Note that these assumptions may be too strong, or too weak, or incommensurate with the realised behaviour of proposers and builders in the presence of an inclusion list mechanism. We discuss some of these issues at the end of the post, but wish anyways to make very explicit what assumptions our results rely on, in an effort to establish common terminology in an environment where there are many ways to model agent behaviour.

Armed with these assumptions, we show the following property:

Property 1: Forward inclusion lists increase censorship resistance (CR) of the chain, whereas spot inclusion lists do not.

The argument is as follows. Spot ILs are made by honest proposers, but they do not increase censorship-resistance since honest proposers do not connect to censoring builders anyways. Greedy proposers do not make a spot IL, since this would “turn off” the censoring builders they connect to. Censoring proposers also do not make a spot IL for themselves, so the amount of censorship remains the same as without spot ILs.

On the other hand, greedy proposers do not make a spot IL for themselves, but make a forward IL for others. This list may apply to honest proposers, for whom the list is “redundant”: Honest proposers were not connecting to censoring builders anyways. The increase in CR comes from honest or greedy proposers making a list for other greedy proposers. These proposers subjected to the list, while connected to all builders, can no longer receive bids from censoring builders, and thus CR is increased.

Property 1 motivates the use of forward ILs over spot ILs, so we consider this design in the following.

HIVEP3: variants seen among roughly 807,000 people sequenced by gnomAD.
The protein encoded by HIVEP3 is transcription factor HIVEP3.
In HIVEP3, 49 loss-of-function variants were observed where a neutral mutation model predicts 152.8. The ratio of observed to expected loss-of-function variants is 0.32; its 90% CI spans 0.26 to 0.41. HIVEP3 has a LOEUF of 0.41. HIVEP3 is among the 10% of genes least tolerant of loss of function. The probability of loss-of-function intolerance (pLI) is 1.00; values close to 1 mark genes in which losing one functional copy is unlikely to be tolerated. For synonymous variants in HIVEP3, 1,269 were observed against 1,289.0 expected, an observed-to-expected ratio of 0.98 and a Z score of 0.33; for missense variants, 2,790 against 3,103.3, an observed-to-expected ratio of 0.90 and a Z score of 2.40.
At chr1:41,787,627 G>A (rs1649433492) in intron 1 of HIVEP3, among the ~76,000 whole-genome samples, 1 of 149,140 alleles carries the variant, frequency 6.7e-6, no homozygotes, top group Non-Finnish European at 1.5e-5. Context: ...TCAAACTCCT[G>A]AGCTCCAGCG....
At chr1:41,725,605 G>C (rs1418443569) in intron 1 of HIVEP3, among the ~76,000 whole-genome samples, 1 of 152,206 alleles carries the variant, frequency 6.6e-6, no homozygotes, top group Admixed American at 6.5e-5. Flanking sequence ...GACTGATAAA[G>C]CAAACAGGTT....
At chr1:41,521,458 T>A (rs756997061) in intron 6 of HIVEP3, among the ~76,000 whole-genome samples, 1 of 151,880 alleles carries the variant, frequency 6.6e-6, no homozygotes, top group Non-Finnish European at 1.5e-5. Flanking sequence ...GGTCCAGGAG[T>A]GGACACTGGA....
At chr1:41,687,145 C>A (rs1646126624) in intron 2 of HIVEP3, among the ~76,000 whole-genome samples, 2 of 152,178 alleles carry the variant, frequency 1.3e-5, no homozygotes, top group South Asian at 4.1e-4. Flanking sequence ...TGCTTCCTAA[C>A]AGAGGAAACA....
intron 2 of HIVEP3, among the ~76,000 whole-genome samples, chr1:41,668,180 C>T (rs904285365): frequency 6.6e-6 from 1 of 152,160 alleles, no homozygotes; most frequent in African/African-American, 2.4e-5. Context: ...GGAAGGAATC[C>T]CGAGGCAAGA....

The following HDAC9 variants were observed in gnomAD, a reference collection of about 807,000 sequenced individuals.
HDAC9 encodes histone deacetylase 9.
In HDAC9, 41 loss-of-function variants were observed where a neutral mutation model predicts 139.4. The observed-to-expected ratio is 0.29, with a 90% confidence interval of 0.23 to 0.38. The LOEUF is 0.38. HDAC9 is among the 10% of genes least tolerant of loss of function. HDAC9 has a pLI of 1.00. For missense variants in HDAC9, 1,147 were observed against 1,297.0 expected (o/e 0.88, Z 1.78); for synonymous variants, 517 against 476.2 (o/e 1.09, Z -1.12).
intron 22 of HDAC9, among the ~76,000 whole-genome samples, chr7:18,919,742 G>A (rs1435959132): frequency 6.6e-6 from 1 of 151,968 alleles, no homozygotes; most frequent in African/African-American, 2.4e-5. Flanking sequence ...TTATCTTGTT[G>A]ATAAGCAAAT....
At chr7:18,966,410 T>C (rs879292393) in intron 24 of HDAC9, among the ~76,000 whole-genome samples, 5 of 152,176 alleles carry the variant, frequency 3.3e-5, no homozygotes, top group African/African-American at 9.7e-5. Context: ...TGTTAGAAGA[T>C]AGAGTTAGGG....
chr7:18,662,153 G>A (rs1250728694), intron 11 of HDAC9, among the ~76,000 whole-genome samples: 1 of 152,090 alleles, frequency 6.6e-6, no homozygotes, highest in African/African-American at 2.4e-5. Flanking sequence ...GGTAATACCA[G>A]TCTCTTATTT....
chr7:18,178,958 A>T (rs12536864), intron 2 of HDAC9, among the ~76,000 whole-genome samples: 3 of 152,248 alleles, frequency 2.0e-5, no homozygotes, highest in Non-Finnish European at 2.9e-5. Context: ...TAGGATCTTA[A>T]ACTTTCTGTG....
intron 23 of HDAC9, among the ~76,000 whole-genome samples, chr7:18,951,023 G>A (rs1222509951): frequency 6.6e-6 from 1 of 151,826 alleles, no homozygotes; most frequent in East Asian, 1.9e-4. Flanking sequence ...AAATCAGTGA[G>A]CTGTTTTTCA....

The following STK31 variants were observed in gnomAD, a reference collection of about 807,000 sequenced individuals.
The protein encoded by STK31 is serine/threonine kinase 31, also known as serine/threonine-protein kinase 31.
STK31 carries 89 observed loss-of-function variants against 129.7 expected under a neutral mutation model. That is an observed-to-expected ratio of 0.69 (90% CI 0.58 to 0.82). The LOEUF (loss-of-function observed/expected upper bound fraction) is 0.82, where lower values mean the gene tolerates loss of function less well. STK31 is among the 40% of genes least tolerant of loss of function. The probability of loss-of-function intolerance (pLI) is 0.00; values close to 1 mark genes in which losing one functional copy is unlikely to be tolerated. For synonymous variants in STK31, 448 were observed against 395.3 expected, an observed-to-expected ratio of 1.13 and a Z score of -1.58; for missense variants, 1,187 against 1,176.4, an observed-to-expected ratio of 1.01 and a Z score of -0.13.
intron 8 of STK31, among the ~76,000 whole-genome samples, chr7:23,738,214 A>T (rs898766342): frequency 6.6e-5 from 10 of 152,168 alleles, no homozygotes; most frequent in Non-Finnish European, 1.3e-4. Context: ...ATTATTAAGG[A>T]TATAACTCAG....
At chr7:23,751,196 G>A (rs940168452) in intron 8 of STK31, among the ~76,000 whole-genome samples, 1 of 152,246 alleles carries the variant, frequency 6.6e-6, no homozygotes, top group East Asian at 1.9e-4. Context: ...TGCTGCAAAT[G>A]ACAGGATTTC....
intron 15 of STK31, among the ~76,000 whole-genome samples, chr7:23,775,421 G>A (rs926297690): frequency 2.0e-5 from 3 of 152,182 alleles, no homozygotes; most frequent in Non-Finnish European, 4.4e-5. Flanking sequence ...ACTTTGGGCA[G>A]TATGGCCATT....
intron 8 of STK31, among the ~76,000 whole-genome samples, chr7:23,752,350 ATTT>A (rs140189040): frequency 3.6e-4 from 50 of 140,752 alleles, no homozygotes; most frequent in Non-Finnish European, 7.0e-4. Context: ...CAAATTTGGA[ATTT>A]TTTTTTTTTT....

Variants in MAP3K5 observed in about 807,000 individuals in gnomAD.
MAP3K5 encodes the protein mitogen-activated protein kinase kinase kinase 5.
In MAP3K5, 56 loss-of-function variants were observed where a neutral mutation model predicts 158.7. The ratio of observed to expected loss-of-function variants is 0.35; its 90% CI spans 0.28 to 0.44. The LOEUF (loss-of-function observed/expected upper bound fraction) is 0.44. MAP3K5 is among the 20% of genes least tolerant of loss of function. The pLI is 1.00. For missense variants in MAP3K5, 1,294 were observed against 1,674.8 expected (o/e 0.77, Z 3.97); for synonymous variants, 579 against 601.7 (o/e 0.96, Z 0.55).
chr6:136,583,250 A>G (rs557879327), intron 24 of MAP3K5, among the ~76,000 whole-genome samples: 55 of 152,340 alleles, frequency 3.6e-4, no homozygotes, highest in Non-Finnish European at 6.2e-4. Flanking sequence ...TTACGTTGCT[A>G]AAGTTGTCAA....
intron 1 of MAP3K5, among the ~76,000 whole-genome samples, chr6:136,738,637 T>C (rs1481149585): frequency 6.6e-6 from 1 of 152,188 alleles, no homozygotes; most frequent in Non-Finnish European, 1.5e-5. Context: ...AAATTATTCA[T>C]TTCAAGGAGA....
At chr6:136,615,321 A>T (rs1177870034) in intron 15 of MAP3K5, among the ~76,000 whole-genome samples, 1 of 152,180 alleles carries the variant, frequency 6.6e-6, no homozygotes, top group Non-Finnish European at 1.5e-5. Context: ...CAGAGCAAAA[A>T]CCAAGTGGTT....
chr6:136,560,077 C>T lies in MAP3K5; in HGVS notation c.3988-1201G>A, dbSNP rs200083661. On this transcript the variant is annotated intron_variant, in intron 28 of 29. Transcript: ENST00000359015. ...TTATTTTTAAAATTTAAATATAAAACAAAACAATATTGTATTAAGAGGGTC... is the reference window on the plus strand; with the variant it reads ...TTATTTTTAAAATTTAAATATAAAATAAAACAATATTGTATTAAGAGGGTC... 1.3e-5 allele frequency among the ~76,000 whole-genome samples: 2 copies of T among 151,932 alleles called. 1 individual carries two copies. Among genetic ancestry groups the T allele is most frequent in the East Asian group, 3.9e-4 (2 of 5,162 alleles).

Block stuffing in forward ILs

Assumption 4-2. asserted that faced with a non-empty list for the current slot, a censoring builder turns off and does not produce a block. We show that there exists outcomes where a rational censoring builder may still produce a winning censoring block when faced with a non-empty list.

When a builder starts the work of packing a block to maximise its MEV, it collates transactions obtained from the global public mempool, and transactions they alone know about (known as exclusive order flow). With EIP-1559, many transactions may not be includable, if their maximum fee parameter is lower than the prevailing base fee for the current slot. We assume that a builder is able to “top up” a transaction, i.e., it is able to subsidise the entry of a transaction which is not includable. If the transaction declares a maximum fee of M, and the prevailing base fee is b, then the builder must expense (b-M) \times g, where g is the gas used by the transaction, to top up the transaction such that it pays at least the base fee.

Topping up a transaction is not currently feasible with type-2, EIP-1559 transactions, but we foresee a future where this is possible, from one of two ways:

  • Either the builder receives “orders”, e.g., from order-flow auctions, or user operations à la ERC-4337, which are not fully-formed transactions. Acting as a bundler, the builder is able to top up the order, by creating a meta-transaction which pays the prevailing base fee on behalf of the user operation.
  • The second approach has been discussed in the past, but is not currently available: Charging a block-based base fee at the end of the block, rather than per transaction. In this case, the builder must ensure that they return b \times G, where G is the total gas used by the block, by the end of the block, rather than making this check for each transaction. We expect this capability to eventually be adopted, as it loosens the constraints of block packing and by extension allows for more valuable blocks.